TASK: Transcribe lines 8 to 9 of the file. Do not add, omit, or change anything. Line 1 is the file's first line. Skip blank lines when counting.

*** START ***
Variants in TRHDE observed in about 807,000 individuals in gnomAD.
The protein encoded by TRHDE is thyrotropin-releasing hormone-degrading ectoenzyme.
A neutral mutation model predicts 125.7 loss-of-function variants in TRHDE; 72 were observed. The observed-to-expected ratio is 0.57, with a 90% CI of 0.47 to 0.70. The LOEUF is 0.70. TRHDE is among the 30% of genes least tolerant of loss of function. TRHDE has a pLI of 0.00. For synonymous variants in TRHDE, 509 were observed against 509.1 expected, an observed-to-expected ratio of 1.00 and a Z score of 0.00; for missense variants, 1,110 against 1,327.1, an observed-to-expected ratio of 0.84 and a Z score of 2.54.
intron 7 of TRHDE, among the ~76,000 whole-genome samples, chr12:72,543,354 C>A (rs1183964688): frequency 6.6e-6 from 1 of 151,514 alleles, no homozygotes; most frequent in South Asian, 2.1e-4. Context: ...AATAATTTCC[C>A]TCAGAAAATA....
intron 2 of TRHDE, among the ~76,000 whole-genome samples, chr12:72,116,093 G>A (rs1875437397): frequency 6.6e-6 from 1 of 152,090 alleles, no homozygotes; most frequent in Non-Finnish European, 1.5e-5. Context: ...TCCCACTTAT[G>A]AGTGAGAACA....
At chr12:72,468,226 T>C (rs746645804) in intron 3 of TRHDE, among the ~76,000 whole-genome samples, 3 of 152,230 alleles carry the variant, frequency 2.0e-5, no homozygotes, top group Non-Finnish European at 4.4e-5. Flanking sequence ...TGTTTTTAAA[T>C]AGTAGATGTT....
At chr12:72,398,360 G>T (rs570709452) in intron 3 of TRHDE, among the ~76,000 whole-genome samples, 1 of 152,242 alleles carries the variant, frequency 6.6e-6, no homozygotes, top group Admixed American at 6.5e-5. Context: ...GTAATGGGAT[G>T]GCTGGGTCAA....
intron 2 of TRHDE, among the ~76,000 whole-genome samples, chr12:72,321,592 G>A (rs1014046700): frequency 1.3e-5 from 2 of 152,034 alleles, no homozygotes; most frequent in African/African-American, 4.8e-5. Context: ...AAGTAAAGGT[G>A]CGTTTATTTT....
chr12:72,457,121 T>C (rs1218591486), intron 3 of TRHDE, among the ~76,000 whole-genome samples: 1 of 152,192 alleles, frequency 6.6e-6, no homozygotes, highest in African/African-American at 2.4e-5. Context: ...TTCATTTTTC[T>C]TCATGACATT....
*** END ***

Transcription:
intron 2 of TRHDE, among the ~76,000 whole-genome samples, chr12:72,321,592 G>A (rs1014046700): frequency 1.3e-5 from 2 of 152,034 alleles, no homozygotes; most frequent in African/African-American, 4.8e-5. Context: ...AAGTAAAGGT[G>A]CGTTTATTTT....
chr12:72,457,121 T>C (rs1218591486), intron 3 of TRHDE, among the ~76,000 whole-genome samples: 1 of 152,192 alleles, frequency 6.6e-6, no homozygotes, highest in African/African-American at 2.4e-5. Context: ...TTCATTTTTC[T>C]TCATGACATT....